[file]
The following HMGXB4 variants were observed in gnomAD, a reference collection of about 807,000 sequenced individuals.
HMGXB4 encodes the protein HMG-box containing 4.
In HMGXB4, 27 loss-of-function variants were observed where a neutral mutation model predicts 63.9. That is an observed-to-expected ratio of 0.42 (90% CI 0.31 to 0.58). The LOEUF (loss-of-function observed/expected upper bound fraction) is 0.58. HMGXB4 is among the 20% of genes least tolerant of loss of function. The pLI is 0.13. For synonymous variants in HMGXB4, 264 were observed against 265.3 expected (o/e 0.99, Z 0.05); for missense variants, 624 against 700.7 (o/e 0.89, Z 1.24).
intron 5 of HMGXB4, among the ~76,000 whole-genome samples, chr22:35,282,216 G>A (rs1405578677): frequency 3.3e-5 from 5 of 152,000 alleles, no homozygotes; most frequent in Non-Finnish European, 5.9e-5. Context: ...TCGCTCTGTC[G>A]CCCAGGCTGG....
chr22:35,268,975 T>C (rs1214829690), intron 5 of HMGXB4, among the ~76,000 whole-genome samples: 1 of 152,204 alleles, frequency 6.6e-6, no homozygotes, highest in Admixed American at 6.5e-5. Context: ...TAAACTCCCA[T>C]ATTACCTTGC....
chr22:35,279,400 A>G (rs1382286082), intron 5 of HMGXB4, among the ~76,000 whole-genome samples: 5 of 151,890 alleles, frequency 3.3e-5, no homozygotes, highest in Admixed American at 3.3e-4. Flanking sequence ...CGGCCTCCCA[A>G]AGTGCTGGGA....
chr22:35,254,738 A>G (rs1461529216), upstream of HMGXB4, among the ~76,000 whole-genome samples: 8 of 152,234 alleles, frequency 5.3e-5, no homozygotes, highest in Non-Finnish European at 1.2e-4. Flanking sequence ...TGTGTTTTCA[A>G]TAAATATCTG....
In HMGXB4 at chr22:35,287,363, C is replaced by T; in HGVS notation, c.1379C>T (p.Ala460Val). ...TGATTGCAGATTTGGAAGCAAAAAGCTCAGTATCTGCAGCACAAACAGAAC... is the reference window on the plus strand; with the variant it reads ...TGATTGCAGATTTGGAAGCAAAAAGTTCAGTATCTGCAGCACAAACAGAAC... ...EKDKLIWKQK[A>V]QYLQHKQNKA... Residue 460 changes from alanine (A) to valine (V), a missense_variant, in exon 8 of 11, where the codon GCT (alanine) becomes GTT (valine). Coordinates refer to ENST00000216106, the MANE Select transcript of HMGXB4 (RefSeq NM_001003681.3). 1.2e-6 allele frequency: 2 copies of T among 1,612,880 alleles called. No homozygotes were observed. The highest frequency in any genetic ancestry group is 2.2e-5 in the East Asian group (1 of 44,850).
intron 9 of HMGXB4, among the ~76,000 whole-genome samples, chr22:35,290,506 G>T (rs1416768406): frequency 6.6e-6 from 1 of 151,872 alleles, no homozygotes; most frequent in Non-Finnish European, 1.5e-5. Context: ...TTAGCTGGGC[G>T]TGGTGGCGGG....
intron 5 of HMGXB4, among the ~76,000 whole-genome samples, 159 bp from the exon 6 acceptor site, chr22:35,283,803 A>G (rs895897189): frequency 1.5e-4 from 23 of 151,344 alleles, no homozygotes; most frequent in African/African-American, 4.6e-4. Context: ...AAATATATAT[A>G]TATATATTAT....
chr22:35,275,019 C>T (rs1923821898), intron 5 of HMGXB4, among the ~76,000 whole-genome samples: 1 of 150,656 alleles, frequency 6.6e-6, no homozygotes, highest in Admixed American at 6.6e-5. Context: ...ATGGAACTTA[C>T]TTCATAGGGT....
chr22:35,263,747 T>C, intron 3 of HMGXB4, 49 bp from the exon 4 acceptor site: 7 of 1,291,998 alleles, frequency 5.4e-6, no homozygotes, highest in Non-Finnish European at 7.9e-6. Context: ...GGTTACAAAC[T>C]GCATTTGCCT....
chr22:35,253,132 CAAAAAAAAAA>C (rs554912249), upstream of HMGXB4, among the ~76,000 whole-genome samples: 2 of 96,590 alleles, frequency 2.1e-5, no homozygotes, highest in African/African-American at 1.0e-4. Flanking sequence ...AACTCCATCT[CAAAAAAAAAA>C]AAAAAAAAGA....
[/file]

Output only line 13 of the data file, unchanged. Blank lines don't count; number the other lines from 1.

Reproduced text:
chr22:35,253,132 CAAAAAAAAAA>C (rs554912249), upstream of HMGXB4, among the ~76,000 whole-genome samples: 2 of 96,590 alleles, frequency 2.1e-5, no homozygotes, highest in African/African-American at 1.0e-4. Flanking sequence ...AACTCCATCT[CAAAAAAAAAA>C]AAAAAAAAGA....